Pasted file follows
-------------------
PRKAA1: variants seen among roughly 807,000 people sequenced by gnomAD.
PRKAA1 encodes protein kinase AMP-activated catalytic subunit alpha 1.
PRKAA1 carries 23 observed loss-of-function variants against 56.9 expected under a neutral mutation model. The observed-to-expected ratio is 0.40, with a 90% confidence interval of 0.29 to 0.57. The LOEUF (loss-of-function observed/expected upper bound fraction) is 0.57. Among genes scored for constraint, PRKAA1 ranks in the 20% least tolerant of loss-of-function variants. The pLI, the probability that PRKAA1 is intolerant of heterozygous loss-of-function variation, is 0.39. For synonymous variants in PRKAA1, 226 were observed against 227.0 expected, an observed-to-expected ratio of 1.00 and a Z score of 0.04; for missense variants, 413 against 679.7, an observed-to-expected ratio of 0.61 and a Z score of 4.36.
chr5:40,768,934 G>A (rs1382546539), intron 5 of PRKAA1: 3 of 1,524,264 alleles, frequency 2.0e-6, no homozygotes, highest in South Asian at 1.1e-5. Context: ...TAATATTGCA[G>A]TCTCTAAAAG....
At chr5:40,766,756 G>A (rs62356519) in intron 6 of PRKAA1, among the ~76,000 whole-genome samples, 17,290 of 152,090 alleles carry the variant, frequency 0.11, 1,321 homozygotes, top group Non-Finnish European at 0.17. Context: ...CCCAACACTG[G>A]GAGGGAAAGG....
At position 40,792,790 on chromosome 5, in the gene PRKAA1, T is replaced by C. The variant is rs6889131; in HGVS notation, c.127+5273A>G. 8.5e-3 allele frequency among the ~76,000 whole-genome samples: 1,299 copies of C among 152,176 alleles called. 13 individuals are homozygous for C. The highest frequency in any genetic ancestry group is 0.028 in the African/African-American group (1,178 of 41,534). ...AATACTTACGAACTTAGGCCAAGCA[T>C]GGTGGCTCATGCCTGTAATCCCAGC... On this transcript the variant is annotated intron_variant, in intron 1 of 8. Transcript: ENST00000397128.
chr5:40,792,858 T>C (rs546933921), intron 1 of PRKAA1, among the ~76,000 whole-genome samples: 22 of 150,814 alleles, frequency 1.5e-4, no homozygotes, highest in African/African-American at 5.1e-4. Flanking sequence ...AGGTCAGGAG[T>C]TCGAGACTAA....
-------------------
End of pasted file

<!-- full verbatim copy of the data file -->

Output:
PRKAA1: variants seen among roughly 807,000 people sequenced by gnomAD.
PRKAA1 encodes protein kinase AMP-activated catalytic subunit alpha 1.
PRKAA1 carries 23 observed loss-of-function variants against 56.9 expected under a neutral mutation model. The observed-to-expected ratio is 0.40, with a 90% confidence interval of 0.29 to 0.57. The LOEUF (loss-of-function observed/expected upper bound fraction) is 0.57. Among genes scored for constraint, PRKAA1 ranks in the 20% least tolerant of loss-of-function variants. The pLI, the probability that PRKAA1 is intolerant of heterozygous loss-of-function variation, is 0.39. For synonymous variants in PRKAA1, 226 were observed against 227.0 expected, an observed-to-expected ratio of 1.00 and a Z score of 0.04; for missense variants, 413 against 679.7, an observed-to-expected ratio of 0.61 and a Z score of 4.36.
chr5:40,768,934 G>A (rs1382546539), intron 5 of PRKAA1: 3 of 1,524,264 alleles, frequency 2.0e-6, no homozygotes, highest in South Asian at 1.1e-5. Context: ...TAATATTGCA[G>A]TCTCTAAAAG....
At chr5:40,766,756 G>A (rs62356519) in intron 6 of PRKAA1, among the ~76,000 whole-genome samples, 17,290 of 152,090 alleles carry the variant, frequency 0.11, 1,321 homozygotes, top group Non-Finnish European at 0.17. Context: ...CCCAACACTG[G>A]GAGGGAAAGG....
At position 40,792,790 on chromosome 5, in the gene PRKAA1, T is replaced by C. The variant is rs6889131; in HGVS notation, c.127+5273A>G. 8.5e-3 allele frequency among the ~76,000 whole-genome samples: 1,299 copies of C among 152,176 alleles called. 13 individuals are homozygous for C. The highest frequency in any genetic ancestry group is 0.028 in the African/African-American group (1,178 of 41,534). ...AATACTTACGAACTTAGGCCAAGCA[T>C]GGTGGCTCATGCCTGTAATCCCAGC... On this transcript the variant is annotated intron_variant, in intron 1 of 8. Transcript: ENST00000397128.
chr5:40,792,858 T>C (rs546933921), intron 1 of PRKAA1, among the ~76,000 whole-genome samples: 22 of 150,814 alleles, frequency 1.5e-4, no homozygotes, highest in African/African-American at 5.1e-4. Flanking sequence ...AGGTCAGGAG[T>C]TCGAGACTAA....